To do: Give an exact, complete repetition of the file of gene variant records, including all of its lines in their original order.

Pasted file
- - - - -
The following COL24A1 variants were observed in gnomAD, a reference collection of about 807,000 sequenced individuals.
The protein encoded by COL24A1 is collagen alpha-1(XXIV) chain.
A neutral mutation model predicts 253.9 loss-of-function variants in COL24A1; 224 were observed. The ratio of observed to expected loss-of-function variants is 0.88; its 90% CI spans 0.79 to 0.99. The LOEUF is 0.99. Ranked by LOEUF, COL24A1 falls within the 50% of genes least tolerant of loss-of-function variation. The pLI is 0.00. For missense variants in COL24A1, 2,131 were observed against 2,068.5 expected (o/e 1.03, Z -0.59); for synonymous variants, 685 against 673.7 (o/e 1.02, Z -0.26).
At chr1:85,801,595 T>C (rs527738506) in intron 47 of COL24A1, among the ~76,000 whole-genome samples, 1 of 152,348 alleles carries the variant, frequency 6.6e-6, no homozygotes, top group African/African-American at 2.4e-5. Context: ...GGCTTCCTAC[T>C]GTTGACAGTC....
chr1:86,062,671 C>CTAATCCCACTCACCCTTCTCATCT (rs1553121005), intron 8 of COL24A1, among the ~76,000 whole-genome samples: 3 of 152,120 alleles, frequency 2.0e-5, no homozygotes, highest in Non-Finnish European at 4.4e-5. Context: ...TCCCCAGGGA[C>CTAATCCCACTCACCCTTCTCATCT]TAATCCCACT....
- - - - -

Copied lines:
The following COL24A1 variants were observed in gnomAD, a reference collection of about 807,000 sequenced individuals.
The protein encoded by COL24A1 is collagen alpha-1(XXIV) chain.
A neutral mutation model predicts 253.9 loss-of-function variants in COL24A1; 224 were observed. The ratio of observed to expected loss-of-function variants is 0.88; its 90% CI spans 0.79 to 0.99. The LOEUF is 0.99. Ranked by LOEUF, COL24A1 falls within the 50% of genes least tolerant of loss-of-function variation. The pLI is 0.00. For missense variants in COL24A1, 2,131 were observed against 2,068.5 expected (o/e 1.03, Z -0.59); for synonymous variants, 685 against 673.7 (o/e 1.02, Z -0.26).
At chr1:85,801,595 T>C (rs527738506) in intron 47 of COL24A1, among the ~76,000 whole-genome samples, 1 of 152,348 alleles carries the variant, frequency 6.6e-6, no homozygotes, top group African/African-American at 2.4e-5. Context: ...GGCTTCCTAC[T>C]GTTGACAGTC....
chr1:86,062,671 C>CTAATCCCACTCACCCTTCTCATCT (rs1553121005), intron 8 of COL24A1, among the ~76,000 whole-genome samples: 3 of 152,120 alleles, frequency 2.0e-5, no homozygotes, highest in Non-Finnish European at 4.4e-5. Context: ...TCCCCAGGGA[C>CTAATCCCACTCACCCTTCTCATCT]TAATCCCACT....